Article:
You got the history wrong. Besides Porsche is strictly high end, low volume and is the worlds most profitable car company, killing your theory outright.
Anyway, Pentax have always followed the volume market. In fact, they invented the SLR volume market. Pentax mistake was to ignore(?) the upper end segments and the evolution of the SLR market. In the early 70's Pentax sold twice as many SLR's as Nikon and Canon combined. Nikon didn't start in the entry, volume level until 1979 with the Nikon EM; a copy even in name of the Pentax ME. You could say that Pentax was too busy making another Spotmatic and lost the vision of the SLR market.
10-29-2009, 09:15 AM   #184
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DxO style lab tests reveals K-x has a full frame sensor

DxO style lab tests reveals K-x has a full frame sensor

This is a fast spinning thread and since it was hard work to do it, let me bring my DxO style lab test for the K-x to the attention of a broader audience.

Of course, the K-x is APS-C. But as far as dynamic range and high ISO noise are concerned, I found that the K-x is seriously challenging even the best full frame cameras in this regard.

Participate in the discussion and read the full story here:

https://www.pentaxforums.com/forums/pentax-dslr-discussion/77974-lumolabs-k-x...on-2009-a.html

I didn't want to hihack this thread but found this to be of relevance. If we get an FF sensor in 2010, we want it to be better than the K-x, won't we?

10-29-2009, 09:38 AM   #185
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Hoya-Pentax should announce Full Frame K Mount in 2010

Hoya-Pentax should announce Full Frame K Mount in 2010 and then Roadmap for late 2013- to sometime in 2016 delivery. Kinda like what they've done with 645D concept.

Wasn't working model 645D first shown in 2003 or 2004 at a major imaging event? Its late 2009 and the 645D Roadmap Dream Camera still pleases most Pentaxians, in just knowing its out there somewhere...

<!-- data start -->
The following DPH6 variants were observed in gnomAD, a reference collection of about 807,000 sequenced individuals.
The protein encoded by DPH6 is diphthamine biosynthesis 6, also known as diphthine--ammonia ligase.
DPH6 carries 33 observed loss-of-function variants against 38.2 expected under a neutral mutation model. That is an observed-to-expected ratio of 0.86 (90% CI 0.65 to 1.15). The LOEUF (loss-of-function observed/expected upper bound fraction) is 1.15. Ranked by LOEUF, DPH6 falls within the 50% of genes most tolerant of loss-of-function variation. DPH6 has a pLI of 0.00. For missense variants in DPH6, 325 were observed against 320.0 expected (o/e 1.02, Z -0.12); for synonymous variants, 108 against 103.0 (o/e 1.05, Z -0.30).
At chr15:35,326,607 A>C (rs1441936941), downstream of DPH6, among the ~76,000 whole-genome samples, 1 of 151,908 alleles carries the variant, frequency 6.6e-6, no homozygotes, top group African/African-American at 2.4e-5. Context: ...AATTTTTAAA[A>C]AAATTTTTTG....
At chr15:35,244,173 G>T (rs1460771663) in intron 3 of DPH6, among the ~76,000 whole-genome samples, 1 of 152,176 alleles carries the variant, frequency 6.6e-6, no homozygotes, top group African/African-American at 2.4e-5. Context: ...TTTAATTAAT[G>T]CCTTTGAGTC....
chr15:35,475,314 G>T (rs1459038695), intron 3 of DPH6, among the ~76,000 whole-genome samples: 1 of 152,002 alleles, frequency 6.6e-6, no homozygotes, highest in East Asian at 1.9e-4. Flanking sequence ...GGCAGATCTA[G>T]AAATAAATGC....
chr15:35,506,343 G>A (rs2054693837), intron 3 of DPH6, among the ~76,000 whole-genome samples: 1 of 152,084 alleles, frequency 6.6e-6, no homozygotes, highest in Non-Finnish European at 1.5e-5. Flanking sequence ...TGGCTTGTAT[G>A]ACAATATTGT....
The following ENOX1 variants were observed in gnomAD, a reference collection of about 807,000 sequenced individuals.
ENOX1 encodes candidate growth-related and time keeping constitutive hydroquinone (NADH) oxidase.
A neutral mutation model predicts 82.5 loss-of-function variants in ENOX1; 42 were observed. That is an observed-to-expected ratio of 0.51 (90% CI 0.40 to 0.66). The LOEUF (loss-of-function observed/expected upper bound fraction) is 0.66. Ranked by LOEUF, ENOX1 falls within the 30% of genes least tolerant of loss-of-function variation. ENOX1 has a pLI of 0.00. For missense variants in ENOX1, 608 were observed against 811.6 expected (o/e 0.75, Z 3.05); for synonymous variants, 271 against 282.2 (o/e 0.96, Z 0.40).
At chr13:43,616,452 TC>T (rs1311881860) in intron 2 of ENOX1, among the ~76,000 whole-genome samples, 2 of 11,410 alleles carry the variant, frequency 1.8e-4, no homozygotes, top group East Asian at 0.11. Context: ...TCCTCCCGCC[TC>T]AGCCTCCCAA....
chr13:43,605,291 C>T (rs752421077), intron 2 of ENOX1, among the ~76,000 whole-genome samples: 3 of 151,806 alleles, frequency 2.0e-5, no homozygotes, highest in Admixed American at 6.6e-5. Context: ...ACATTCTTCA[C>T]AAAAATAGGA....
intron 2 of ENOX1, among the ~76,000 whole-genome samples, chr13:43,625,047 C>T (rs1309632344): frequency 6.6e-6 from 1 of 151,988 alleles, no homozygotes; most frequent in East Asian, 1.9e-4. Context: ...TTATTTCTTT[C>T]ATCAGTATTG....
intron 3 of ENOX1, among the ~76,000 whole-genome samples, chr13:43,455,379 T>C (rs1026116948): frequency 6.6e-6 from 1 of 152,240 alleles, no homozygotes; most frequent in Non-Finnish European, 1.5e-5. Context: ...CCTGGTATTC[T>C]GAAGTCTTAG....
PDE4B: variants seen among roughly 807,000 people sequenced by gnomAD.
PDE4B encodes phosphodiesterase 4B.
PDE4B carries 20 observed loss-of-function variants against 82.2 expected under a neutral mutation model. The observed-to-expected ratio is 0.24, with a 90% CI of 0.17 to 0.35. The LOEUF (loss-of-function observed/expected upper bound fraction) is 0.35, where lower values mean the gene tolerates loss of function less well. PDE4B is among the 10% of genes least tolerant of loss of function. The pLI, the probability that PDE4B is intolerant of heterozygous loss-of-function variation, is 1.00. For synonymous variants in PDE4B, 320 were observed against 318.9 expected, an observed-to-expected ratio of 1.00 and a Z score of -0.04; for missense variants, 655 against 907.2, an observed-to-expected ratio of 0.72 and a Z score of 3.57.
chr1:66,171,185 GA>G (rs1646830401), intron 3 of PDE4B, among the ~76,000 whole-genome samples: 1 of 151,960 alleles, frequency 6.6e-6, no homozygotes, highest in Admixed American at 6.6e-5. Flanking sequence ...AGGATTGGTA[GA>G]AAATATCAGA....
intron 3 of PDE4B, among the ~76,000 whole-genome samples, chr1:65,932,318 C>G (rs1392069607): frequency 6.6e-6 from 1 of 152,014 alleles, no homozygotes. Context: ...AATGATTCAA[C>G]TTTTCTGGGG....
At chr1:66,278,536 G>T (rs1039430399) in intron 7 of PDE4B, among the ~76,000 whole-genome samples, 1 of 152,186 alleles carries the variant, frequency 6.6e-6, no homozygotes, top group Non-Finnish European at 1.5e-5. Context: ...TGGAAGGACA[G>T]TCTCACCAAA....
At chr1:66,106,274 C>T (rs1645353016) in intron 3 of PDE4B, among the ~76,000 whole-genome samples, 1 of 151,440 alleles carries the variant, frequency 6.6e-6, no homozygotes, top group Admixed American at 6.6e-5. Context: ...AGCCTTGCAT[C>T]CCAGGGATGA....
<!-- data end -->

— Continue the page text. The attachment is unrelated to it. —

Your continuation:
Pentax knows that Roadmapping a Full Frame K Mount concept is all thats needed to keep the system jumpers at home and happy with K Mount. Roadmapped words and a non touchable full frame k dslr on display at whatever imaging show Pentax still attends is all thats needed to rally the faithful.

QuoteOriginally posted by KungPOW Quote
Large sensors will get cheaper. APS-C sensors will get more and more pixels. Eventually, the highest pixel count APS-C sensors will cost more then the FF chip with the same pixel count.

So you can either have an APS-C with 60 MP, for 150 bucks, or you can buy a FF 60MP for $150.00.

I expect when this happens, FF will becoame the mainstream, and ultrahigh MP count APS-C sensors will be used by those that want the reach of a crop sensor.

Eventually, all builders will offer FF along with APS-C. Nikon is the best example of this right now. Their D300 and D700 are almost the same camera, except for sensor size. Although Canon has both APS-C and FF, they still do not have two cameras with similar feature sets but different sensors. But, I expect they will eventually. Then there is Sony. They just broke the $2000.00 barier. I expect they will soon release the A800 (A700 replacement), and it will be in the $1500.00 to $1800.00 range. maybe they will not have two cameras as close as the D300/D700 pair, but they will be closer then the 7D/5Dmkii pair.

As for Pentax, I just cannot see them releasing a FF in 2010. They need to get the 645D out in 2010, and I expect that will take everything they have. Near the end of 2010 I expect they will anounce the K-7 replacement. At Photokina I bet. Maybe they will have a working D645, the K-8, and a K-LX (ff) mockup in a glass box. I doubt anyone will be able to buy a Pentax FF before late 2011. We will see the D645, and the replacements for the K-x, the K-7 before we see a FF pentax. Three releases in one year is allot for Pentax. No way they get in the FF as a fourth.

So Pentax FF in 2010? I say no chance.
10-29-2009, 09:46 AM   #186
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QuoteOriginally posted by Pål Jensen Quote
You got the history wrong. Besides Porsche is strictly high end, low volume and is the worlds most profitable car company, killing your theory outright.
Anyway, Pentax have always followed the volume market. In fact, they invented the SLR volume market. Pentax mistake was to ignore(?) the upper end segments and the evolution of the SLR market. In the early 70's Pentax sold twice as many SLR's as Nikon and Canon combined. Nikon didn't start in the entry, volume level until 1979 with the Nikon EM; a copy even in name of the Pentax ME. You could say that Pentax was too busy making another Spotmatic and lost the vision of the SLR market.